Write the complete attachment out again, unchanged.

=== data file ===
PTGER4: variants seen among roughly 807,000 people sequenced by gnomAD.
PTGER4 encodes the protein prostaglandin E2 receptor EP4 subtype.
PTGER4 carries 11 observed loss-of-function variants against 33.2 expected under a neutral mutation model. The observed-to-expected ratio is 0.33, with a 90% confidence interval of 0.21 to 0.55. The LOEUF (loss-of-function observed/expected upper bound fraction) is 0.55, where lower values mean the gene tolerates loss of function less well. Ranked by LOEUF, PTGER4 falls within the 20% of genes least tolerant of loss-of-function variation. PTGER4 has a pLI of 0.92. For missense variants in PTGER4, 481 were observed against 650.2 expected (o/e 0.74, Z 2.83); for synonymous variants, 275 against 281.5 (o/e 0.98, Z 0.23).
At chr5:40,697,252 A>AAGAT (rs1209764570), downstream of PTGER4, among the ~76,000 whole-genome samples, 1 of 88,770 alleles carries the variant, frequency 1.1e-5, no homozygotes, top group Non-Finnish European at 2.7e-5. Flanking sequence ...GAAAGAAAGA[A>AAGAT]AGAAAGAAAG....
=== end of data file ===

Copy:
PTGER4: variants seen among roughly 807,000 people sequenced by gnomAD.
PTGER4 encodes the protein prostaglandin E2 receptor EP4 subtype.
PTGER4 carries 11 observed loss-of-function variants against 33.2 expected under a neutral mutation model. The observed-to-expected ratio is 0.33, with a 90% confidence interval of 0.21 to 0.55. The LOEUF (loss-of-function observed/expected upper bound fraction) is 0.55, where lower values mean the gene tolerates loss of function less well. Ranked by LOEUF, PTGER4 falls within the 20% of genes least tolerant of loss-of-function variation. PTGER4 has a pLI of 0.92. For missense variants in PTGER4, 481 were observed against 650.2 expected (o/e 0.74, Z 2.83); for synonymous variants, 275 against 281.5 (o/e 0.98, Z 0.23).
At chr5:40,697,252 A>AAGAT (rs1209764570), downstream of PTGER4, among the ~76,000 whole-genome samples, 1 of 88,770 alleles carries the variant, frequency 1.1e-5, no homozygotes, top group Non-Finnish European at 2.7e-5. Flanking sequence ...GAAAGAAAGA[A>AAGAT]AGAAAGAAAG....